One way to save on your homeowners insurance in Arizona is with discounts. We offer discounts and premium credits on our House & Property policies for:

  • Installing home security, water detection, or fire prevention devices.

  • Living in an incorporated area that uses a private fire company.

  • Keeping claims off your history for the past three years.

  • Choosing an e-policy.

Arizona also lets insurers use your credit history to help determine your premium, so improving your credit score can help lower your insurance costs. 

Another way to lower your premium is  to opt for a higher deductible. A higher deductible means you take on more financial responsibility in a claim, and that usually lowers your premiums. One important caveat about going this route: You want to make sure that you can afford the deductible you choose, even if the worst case scenario hits.

House & Property deductibles in Arizona

House & Property policies have two deductibles in Arizona. The first is the standard deductible, or an “all other perils” deductible, that applies to most claim situations. The other is a wind/hail deductible. Sometimes called a severe convective storm deductible, it applies to damage caused by thunderstorms. 

You can choose a standard deductible of: 

  • $500

  • $1,000

  • $2,500

  • $5,000

  • $10,000

For your wind/hail deductible, you choose either a flat or a percentage deductible. These options include: 

  •  $500

  • $1,000

  • $2,500

  • $5,000

  • $7,500

  • $10,000

  • 1%, 2%, 3%, 4%, 5%, or 10% of your Coverage A limits.

Frequently asked questions about Arizona home insurance

Is home insurance required in Arizona?

No law requires a homeowner to buy home insurance in Arizona. However, you may be contractually obligated to purchase insurance from your mortgage lender. Lenders want you to have coverage to make sure their financial interest in the home is protected.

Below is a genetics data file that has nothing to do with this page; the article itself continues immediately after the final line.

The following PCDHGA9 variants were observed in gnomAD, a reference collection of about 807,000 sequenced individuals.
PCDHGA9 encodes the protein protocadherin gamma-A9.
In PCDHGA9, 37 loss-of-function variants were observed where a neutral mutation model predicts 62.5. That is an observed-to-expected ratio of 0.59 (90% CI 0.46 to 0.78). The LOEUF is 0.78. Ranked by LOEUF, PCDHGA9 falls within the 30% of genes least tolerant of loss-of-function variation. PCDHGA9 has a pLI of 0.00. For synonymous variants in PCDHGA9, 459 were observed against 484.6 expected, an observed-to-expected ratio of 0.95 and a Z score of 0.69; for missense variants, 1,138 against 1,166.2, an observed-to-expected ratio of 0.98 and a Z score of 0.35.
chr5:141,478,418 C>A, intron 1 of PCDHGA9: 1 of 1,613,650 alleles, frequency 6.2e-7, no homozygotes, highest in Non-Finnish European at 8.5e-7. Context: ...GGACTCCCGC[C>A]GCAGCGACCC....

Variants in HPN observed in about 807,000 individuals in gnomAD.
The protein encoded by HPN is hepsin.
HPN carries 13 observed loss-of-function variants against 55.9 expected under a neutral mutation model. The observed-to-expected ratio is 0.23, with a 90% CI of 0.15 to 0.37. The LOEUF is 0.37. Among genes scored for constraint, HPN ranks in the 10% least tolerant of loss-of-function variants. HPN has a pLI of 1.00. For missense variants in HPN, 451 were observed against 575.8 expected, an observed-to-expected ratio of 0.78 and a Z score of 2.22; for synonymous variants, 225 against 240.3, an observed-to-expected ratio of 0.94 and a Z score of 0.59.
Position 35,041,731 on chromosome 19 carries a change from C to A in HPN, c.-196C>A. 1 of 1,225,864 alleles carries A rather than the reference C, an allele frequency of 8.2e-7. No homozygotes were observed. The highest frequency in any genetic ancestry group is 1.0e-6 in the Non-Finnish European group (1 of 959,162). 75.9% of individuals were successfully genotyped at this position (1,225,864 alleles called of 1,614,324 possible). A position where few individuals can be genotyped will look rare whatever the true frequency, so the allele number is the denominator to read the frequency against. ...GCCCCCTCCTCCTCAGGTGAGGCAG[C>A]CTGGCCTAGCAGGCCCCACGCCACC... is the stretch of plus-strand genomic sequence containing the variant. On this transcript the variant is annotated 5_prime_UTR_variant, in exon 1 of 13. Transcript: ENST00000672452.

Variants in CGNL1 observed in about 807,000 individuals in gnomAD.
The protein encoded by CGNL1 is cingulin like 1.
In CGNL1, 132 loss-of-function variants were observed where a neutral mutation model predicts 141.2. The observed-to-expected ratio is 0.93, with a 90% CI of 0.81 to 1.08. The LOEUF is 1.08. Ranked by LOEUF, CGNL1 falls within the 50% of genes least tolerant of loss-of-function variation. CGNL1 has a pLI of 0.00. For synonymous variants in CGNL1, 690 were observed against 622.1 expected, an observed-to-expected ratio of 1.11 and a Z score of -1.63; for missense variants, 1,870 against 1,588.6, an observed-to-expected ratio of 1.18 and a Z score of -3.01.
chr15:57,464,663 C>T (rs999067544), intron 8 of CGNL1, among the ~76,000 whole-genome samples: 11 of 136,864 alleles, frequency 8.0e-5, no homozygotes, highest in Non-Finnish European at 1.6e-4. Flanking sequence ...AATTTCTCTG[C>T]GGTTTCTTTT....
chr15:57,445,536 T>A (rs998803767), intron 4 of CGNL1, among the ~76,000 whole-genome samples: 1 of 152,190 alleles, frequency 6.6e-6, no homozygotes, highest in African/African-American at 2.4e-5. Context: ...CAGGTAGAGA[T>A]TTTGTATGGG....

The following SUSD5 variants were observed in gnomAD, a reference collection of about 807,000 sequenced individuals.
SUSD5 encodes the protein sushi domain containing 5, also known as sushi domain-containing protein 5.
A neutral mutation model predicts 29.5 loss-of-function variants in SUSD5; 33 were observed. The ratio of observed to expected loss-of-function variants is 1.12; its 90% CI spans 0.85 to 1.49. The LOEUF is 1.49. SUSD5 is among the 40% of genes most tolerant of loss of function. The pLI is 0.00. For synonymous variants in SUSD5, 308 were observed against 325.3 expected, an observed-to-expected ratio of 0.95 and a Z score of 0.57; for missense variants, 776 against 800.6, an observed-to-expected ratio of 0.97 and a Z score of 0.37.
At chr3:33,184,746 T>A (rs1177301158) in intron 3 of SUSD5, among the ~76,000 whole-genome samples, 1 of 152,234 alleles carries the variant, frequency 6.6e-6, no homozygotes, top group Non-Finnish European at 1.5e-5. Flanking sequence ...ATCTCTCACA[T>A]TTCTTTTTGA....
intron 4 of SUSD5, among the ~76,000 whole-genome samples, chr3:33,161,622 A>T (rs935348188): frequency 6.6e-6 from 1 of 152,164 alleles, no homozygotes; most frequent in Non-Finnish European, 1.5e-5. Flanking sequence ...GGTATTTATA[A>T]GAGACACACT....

On top of standard home insurance, you may also have to get flood insurance if you’re in a Special Flood Hazard Zone (SFHA). Homes in areas designated as a SFHA by the Federal Emergency Management Agency are required to have flood insurance if they want federally backed mortgages. Kin does not currently offer flood insurance in Arizona.

Does Arizona have a FAIR Plan?

Arizona does not offer a FAIR Plan (Fair Access to Insurance Requirements), the program that helps make high-risk home insurance more available. Homeowners who are unable to get home insurance may need to contact a broker licensed to sell excess and surplus lines insurance for options. 

Can you be refused home insurance?

An insurance company can deny you coverage and not issue you a policy. This can happen if your home doesn’t meet the insurer’s underwriting guidelines. For example, an insurance company may decide that your property is too high of a risk to insure and decline to cover it. 

What makes a home uninsurable?

A home may be uninsurable if it’s exposed to extreme risks, such as frequent and severe flooding. A home may also be deemed uninsurable if it doesn’t offer livable conditions and needs extensive repairs.  

**In Arizona, we operate as Kin Interinsurance Nexus Exchange, and our agency license number is 3001633284.